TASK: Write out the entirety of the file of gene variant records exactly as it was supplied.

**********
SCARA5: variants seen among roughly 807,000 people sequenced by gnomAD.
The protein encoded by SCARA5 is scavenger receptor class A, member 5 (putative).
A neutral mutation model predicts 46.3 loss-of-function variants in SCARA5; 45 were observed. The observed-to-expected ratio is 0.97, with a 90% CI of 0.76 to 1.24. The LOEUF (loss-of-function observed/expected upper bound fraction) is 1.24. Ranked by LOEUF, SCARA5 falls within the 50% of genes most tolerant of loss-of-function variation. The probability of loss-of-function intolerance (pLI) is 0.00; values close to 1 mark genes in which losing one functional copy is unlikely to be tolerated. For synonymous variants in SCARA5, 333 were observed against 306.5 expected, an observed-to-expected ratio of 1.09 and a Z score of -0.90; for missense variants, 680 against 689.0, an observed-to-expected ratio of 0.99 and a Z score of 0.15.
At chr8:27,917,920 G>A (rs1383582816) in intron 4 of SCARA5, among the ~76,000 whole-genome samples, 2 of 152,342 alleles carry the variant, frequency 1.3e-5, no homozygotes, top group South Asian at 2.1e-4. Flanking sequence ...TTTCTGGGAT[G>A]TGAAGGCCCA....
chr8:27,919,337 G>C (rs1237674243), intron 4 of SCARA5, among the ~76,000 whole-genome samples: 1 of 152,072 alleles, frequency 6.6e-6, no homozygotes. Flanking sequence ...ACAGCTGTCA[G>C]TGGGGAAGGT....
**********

SCARA5: variants seen among roughly 807,000 people sequenced by gnomAD.
The protein encoded by SCARA5 is scavenger receptor class A, member 5 (putative).
A neutral mutation model predicts 46.3 loss-of-function variants in SCARA5; 45 were observed. The observed-to-expected ratio is 0.97, with a 90% CI of 0.76 to 1.24. The LOEUF (loss-of-function observed/expected upper bound fraction) is 1.24. Ranked by LOEUF, SCARA5 falls within the 50% of genes most tolerant of loss-of-function variation. The probability of loss-of-function intolerance (pLI) is 0.00; values close to 1 mark genes in which losing one functional copy is unlikely to be tolerated. For synonymous variants in SCARA5, 333 were observed against 306.5 expected, an observed-to-expected ratio of 1.09 and a Z score of -0.90; for missense variants, 680 against 689.0, an observed-to-expected ratio of 0.99 and a Z score of 0.15.
At chr8:27,917,920 G>A (rs1383582816) in intron 4 of SCARA5, among the ~76,000 whole-genome samples, 2 of 152,342 alleles carry the variant, frequency 1.3e-5, no homozygotes, top group South Asian at 2.1e-4. Flanking sequence ...TTTCTGGGAT[G>A]TGAAGGCCCA....
chr8:27,919,337 G>C (rs1237674243), intron 4 of SCARA5, among the ~76,000 whole-genome samples: 1 of 152,072 alleles, frequency 6.6e-6, no homozygotes. Flanking sequence ...ACAGCTGTCA[G>C]TGGGGAAGGT....